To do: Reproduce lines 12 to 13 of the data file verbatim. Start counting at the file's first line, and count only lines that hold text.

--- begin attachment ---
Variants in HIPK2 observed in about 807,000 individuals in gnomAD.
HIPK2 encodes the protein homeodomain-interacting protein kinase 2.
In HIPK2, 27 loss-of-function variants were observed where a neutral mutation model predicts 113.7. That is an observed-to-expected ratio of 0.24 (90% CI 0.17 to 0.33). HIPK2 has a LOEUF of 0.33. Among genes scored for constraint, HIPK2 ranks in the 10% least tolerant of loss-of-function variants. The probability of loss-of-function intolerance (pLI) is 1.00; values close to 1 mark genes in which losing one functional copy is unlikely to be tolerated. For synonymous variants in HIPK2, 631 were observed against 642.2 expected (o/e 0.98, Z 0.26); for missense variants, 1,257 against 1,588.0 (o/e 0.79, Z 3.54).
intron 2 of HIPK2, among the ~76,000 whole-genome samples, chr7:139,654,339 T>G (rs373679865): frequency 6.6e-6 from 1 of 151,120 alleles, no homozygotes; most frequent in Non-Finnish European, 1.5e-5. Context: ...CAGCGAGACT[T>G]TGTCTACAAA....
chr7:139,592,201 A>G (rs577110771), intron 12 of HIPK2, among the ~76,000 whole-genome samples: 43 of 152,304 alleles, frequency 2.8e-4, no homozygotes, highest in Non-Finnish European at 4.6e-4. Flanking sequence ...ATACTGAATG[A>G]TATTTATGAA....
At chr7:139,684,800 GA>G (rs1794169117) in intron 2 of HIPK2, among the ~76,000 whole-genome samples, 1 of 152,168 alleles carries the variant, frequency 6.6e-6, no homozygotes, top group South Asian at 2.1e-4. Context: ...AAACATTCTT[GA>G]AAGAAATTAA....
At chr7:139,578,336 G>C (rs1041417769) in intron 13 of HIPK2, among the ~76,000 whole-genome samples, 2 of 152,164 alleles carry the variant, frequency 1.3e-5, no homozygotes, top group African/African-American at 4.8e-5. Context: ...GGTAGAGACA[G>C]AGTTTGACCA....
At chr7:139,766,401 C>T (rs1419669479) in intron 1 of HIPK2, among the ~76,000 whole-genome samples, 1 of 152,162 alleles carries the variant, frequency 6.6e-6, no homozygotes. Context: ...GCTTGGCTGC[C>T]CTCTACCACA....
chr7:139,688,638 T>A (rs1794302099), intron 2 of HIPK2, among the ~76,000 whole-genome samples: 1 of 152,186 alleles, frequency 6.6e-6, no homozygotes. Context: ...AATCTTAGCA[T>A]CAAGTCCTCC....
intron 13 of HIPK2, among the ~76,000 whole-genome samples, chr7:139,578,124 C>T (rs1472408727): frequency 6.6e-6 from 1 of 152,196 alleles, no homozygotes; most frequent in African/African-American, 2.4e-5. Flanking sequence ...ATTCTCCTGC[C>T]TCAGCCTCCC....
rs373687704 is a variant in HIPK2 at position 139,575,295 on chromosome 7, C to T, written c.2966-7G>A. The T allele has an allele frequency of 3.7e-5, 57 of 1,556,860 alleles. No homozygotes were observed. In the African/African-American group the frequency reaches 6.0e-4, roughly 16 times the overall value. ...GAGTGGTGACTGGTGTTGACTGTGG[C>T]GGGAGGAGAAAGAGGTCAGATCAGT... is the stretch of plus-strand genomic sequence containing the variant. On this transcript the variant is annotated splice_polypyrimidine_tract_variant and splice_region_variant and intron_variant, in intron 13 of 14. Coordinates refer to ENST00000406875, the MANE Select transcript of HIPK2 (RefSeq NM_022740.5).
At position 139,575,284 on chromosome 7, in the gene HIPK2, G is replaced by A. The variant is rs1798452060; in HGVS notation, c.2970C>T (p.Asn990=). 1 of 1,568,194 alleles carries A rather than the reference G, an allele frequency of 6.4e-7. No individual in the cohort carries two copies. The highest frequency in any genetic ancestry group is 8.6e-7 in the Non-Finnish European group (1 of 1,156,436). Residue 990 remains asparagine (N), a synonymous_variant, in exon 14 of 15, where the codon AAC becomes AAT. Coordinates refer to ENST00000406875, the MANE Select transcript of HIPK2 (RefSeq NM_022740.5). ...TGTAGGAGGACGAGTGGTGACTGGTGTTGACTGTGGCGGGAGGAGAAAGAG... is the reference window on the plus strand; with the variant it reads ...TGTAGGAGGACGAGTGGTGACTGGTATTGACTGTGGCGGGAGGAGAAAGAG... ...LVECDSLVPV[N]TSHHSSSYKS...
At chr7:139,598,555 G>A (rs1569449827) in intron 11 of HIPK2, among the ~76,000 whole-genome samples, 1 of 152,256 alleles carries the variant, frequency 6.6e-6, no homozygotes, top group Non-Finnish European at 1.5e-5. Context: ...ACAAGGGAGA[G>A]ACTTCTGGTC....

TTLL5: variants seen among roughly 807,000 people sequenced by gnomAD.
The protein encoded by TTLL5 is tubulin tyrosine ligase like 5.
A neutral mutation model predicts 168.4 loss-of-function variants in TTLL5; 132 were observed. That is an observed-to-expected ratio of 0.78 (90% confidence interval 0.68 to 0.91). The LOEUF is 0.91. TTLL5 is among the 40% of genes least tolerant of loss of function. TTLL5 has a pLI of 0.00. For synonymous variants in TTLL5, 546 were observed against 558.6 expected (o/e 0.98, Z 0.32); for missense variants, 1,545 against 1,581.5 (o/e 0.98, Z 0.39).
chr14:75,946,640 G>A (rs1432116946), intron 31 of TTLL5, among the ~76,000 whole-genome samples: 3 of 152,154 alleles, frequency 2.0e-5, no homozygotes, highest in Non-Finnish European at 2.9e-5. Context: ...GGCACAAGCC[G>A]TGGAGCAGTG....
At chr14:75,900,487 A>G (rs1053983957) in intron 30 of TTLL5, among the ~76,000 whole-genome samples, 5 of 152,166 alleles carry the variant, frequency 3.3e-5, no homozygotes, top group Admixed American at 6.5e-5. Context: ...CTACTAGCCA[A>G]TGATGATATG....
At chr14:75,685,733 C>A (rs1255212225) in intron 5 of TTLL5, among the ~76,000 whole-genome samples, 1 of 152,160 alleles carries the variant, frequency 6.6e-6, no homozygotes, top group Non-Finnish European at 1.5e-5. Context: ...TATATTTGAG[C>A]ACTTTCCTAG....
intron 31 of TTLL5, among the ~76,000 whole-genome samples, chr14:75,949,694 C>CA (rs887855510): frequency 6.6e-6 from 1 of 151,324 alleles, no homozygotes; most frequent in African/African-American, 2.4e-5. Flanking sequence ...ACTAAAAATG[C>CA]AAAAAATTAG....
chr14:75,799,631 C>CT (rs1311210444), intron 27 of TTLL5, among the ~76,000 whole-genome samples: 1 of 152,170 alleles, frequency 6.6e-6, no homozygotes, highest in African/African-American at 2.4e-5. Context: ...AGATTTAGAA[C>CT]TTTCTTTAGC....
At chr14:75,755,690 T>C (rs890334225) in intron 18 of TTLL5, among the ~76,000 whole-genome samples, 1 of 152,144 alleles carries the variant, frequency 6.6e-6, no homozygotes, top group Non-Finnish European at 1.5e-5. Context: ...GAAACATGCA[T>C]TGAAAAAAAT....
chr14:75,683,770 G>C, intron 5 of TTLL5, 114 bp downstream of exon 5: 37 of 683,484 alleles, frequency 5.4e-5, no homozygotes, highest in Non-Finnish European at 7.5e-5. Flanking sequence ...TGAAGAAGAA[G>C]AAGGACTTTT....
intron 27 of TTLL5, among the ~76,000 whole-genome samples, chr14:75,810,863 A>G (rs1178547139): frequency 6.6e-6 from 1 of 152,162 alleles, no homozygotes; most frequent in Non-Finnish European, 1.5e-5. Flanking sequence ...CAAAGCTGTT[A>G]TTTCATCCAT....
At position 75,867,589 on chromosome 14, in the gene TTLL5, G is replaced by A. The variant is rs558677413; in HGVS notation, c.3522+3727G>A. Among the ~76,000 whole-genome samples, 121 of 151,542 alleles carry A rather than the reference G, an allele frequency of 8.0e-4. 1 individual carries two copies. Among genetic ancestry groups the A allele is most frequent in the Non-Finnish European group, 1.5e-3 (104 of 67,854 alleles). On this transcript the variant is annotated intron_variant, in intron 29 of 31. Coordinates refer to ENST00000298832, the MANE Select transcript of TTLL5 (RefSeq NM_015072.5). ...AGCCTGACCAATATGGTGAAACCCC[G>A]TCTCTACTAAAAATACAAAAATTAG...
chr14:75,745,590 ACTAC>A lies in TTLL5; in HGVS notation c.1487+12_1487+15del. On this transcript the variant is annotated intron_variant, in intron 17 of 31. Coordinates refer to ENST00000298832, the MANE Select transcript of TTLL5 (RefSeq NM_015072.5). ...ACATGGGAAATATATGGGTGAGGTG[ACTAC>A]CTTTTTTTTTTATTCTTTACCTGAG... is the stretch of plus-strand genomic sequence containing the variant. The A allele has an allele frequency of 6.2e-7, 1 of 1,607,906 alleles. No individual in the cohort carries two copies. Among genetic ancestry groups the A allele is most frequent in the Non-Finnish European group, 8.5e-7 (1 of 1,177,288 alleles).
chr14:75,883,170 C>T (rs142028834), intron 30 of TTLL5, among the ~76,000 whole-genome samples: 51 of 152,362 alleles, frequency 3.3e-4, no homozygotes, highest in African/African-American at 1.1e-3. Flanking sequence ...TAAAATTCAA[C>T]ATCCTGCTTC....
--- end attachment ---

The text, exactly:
At position 139,575,284 on chromosome 7, in the gene HIPK2, G is replaced by A. The variant is rs1798452060; in HGVS notation, c.2970C>T (p.Asn990=). 1 of 1,568,194 alleles carries A rather than the reference G, an allele frequency of 6.4e-7. No individual in the cohort carries two copies. The highest frequency in any genetic ancestry group is 8.6e-7 in the Non-Finnish European group (1 of 1,156,436). Residue 990 remains asparagine (N), a synonymous_variant, in exon 14 of 15, where the codon AAC becomes AAT. Coordinates refer to ENST00000406875, the MANE Select transcript of HIPK2 (RefSeq NM_022740.5). ...TGTAGGAGGACGAGTGGTGACTGGTGTTGACTGTGGCGGGAGGAGAAAGAG... is the reference window on the plus strand; with the variant it reads ...TGTAGGAGGACGAGTGGTGACTGGTATTGACTGTGGCGGGAGGAGAAAGAG... ...LVECDSLVPV[N]TSHHSSSYKS...
At chr7:139,598,555 G>A (rs1569449827) in intron 11 of HIPK2, among the ~76,000 whole-genome samples, 1 of 152,256 alleles carries the variant, frequency 6.6e-6, no homozygotes, top group Non-Finnish European at 1.5e-5. Context: ...ACAAGGGAGA[G>A]ACTTCTGGTC....